For the first time, more than half of United States-born babies are now ethnic or racial minorities, according the the newest census.
The faces of America are changing. More than half of American children under the age of 1 are members of minority groups.
50.4 percent of the nation’s babies born in a 12-month period that ended last July were Hispanic, black, Asian American, or other minority groups, based on the 2011 census data released on May 17. Non-Hispanic whites account for 49.6 percent.
Compared to 2010, minority babies accounted for 49.5 percent of all births.
Birth rates have actually been declining for whites and minorities because parents are postponing to have kids due to the recession, according to the Associated Press. The drop, however, has been larger for whites, falling by 11.4 percent, compared to 3.2 percent for minorities.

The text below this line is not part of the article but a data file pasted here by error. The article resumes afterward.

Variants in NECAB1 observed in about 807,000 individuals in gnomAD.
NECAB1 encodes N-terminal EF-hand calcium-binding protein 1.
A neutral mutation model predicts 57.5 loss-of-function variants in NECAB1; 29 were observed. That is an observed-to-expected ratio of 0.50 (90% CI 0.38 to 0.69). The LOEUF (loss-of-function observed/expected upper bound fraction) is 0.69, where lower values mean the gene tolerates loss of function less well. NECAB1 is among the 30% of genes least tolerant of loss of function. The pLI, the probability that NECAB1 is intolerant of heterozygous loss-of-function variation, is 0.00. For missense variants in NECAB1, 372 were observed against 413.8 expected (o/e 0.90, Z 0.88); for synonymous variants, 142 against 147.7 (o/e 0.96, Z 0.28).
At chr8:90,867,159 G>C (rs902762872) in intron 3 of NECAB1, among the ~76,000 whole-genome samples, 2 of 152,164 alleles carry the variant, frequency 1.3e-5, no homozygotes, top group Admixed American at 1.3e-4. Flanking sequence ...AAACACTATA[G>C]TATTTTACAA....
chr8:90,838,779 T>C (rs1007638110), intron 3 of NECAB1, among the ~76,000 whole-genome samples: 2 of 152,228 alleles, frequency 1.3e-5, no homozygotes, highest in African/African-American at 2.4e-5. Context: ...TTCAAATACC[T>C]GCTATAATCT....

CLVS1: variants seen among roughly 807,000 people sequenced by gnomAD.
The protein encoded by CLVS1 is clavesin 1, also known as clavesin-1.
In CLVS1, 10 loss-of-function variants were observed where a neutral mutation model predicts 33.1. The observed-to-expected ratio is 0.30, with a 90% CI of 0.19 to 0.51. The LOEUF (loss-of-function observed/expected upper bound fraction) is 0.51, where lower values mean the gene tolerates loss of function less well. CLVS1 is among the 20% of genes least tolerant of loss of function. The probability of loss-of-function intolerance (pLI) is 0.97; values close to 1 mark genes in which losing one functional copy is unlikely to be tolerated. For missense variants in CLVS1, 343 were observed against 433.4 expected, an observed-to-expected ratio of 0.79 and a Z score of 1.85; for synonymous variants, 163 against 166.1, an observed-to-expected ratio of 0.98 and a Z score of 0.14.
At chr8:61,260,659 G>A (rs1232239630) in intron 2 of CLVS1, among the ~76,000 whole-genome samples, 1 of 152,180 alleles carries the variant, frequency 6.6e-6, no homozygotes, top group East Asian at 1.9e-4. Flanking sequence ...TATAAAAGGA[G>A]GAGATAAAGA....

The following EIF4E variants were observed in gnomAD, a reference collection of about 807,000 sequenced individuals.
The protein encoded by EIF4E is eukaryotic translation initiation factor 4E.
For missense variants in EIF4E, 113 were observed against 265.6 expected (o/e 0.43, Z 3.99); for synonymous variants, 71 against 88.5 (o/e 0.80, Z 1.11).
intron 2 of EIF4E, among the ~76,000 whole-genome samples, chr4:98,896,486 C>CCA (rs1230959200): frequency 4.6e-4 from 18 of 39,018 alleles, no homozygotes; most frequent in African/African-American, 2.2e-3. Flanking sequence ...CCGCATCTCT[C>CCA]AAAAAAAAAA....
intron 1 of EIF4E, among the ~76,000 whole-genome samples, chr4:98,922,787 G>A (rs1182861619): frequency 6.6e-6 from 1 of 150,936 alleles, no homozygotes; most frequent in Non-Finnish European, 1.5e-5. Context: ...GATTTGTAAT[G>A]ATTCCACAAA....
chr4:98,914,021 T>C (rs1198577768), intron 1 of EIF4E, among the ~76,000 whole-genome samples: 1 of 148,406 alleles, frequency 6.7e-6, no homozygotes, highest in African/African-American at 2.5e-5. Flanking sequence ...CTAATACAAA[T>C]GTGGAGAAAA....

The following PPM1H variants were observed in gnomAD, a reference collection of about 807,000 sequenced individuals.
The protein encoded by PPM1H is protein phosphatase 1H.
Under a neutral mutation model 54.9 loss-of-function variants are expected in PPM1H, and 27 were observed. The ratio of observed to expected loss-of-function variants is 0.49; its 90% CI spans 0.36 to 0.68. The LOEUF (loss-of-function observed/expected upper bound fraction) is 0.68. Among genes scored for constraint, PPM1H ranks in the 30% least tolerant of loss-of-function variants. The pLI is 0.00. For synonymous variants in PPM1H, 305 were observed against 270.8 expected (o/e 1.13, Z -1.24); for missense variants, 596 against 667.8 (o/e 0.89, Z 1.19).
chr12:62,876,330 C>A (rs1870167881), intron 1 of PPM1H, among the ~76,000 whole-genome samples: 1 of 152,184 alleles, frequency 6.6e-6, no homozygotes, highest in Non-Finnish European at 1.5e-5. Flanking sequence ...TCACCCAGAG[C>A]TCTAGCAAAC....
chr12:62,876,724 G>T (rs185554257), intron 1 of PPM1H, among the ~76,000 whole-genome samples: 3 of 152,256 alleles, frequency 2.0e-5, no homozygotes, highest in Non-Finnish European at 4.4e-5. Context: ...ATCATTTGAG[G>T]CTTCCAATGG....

“This is the first tipping point. The kids are in the vanguard of the change that’s coming,” reports the Washington Post.
The overall data says that minorities increased 1.9 percent to 114.1 million, or 36.6 percent of the total U.S. population. However, the point when all minorities becoming the majority may not happen as soon as projected — some said 2040 — as the weak economy has resulted in fewer Hispanics coming to the United States, said the report from the Associated Press. The time when non-Hispanic whites become the minority may be pushed back several years.
— Lorraine Chow
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